A recent post examined the decision of the Bombay High Court in Techno Shares which adopted a new stance on the law of depreciation. Soon after this decision, the Mumbai Bench of the Income Tax Appellate Tribunal seems to have marked another point of departure in relation to the taxation of capital assets, this time on the issue of capital gains tax.
The issue before the Tribunal in Bomi S. Billimoria v. ACIT was the taxation of cashless ESOPs offered by a non-resident company (Johnson & Johnson, USA) to employees resident in India. The option was to purchase the shares at their fair market value. However, the Reserve Bank of India approved the scheme on the condition that there should not be any payment, in India or abroad, for acquiring the shares. The assessee exercised the options, and sold the shares in the U.S. The Revenue sought to tax the gains made by virtue of this sale. The question before the Tribunal was two-fold:
Whether the said gain is a capital gain; and if so, whether it can be taxed as such.
The assessee contended that it was a capital gain, but could not be taxed. This argument was based on a 1981 decision of the Supreme Court in B.C. Srinivasa Setty, [128 ITR 294] which was cited as authority for the proposition that no capital gains tax can be charged if there is no cost of acquisition for the asset in question. The assessee argued that since there had been no cost of acquisition (due to the Reserve Bank of India directive), the gain could not be taxed. The Revenue contended that the said gain was not a capital gain, and was taxable even if it was considered to be a capital gain.
The ITAT decided the issue in favour of the assessee, relying on B.C. Srinivasa Setty. It held that when there was no cost of acquisition and the gain could not be taxed. It went on to say that even if the market price was to be considered the cost of acquisition, the options were sold on the very same day at the same price, and hence the gain would have to be considered nil. Thus, in either case, no tax was leviable on the assessee.
This decision throws up some interesting issues, and potentially problematic scenarios regarding capital gains tax. Conceptually, there is a distinction between there being no cost of acquisition for a particular type of asset, and the assessee not paying the cost of acquisition for a said asset. For instance, there cannot be a cost of acquisition for an asset like goodwill (though there is now a deemed cost of nil under the Act). However, this is different from an asset like the ESOPs in question here, for which there is a cost of acquisition (the market price), which does not have to be paid by the assessee, or is paid by a third party. While Srinivasa Setty is authority for cases similar to the sale of goodwill, it is the extension of the decision to the second type of capital gains that is suspect. A close reading of the decision indicates that the Supreme Court categorically restricted its decision to cases where the cost of acquisition for a type of asset was incapable of being computed. In the words of the Court, capital gains tax can only be charged when the asset is such that, in its acquisition, “it is possible to envisage a cost. The intent goes to the nature and character of the asset, that it is an asset which possesses the inherent quality of being available on the expenditure of money to a person seeking to acquire it. It is immaterial that although the asset belongs to such a class it may, on the facts of a certain case, be acquired without the payment of money”. The ratio of the case applied only to assets for which “no cost element can be identified or envisaged”.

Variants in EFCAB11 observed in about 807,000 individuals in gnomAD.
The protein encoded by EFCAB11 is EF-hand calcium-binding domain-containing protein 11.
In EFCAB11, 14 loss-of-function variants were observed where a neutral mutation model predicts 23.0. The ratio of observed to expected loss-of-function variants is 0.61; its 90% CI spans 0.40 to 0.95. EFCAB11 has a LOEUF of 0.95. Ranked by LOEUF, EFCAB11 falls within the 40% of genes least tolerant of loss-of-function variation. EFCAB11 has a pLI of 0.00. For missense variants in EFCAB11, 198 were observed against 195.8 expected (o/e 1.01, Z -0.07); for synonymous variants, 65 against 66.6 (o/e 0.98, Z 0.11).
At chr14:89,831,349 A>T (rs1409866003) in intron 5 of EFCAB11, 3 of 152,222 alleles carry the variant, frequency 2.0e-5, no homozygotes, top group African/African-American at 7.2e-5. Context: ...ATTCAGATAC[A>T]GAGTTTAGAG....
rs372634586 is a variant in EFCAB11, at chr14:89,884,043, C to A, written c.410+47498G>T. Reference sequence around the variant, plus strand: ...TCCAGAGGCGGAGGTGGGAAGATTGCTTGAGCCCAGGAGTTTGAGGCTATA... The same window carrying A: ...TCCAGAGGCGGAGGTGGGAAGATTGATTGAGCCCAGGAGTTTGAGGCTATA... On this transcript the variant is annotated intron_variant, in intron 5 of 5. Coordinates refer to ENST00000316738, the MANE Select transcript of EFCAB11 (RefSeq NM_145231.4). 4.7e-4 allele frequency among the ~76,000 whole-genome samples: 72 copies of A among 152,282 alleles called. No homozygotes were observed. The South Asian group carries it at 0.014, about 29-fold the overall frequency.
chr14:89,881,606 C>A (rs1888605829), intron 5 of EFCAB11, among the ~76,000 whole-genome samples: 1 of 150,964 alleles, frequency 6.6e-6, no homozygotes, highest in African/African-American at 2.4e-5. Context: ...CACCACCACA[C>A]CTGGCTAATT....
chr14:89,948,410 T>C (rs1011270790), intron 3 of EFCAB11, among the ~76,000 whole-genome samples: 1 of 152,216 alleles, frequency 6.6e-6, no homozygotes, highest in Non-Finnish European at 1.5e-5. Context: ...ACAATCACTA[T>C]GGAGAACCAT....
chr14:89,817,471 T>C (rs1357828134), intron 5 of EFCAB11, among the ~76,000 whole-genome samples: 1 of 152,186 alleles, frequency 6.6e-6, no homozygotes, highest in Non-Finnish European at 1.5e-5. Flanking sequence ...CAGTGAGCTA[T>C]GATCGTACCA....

This clearly shows that Srinivasa Setty did not hold that capital gains tax cannot be charged whenever there is no cost of acquisition; it only held that capital gains tax cannot be charged when the cost of acquisition is incapable of being computed. This is also implicitly affirmed by a recent decision of the Supreme Court in PNB Finance v. CIT [307 ITR 75], where the Court again held that no capital gains was chargeable on the facts of the case because “it was not possible to compute capital gains”. On the facts of Billimoria, there was no impossibility of computing the cost of acquisition. In fact, the cost of acquisition was clearly stated to be the market price, which was not paid by the assessee because of the RBI guideline. In such circumstances, the decision of the tribunal may be at odds with the decisions of the Supreme Court on this issue, and may require to be reconsidered.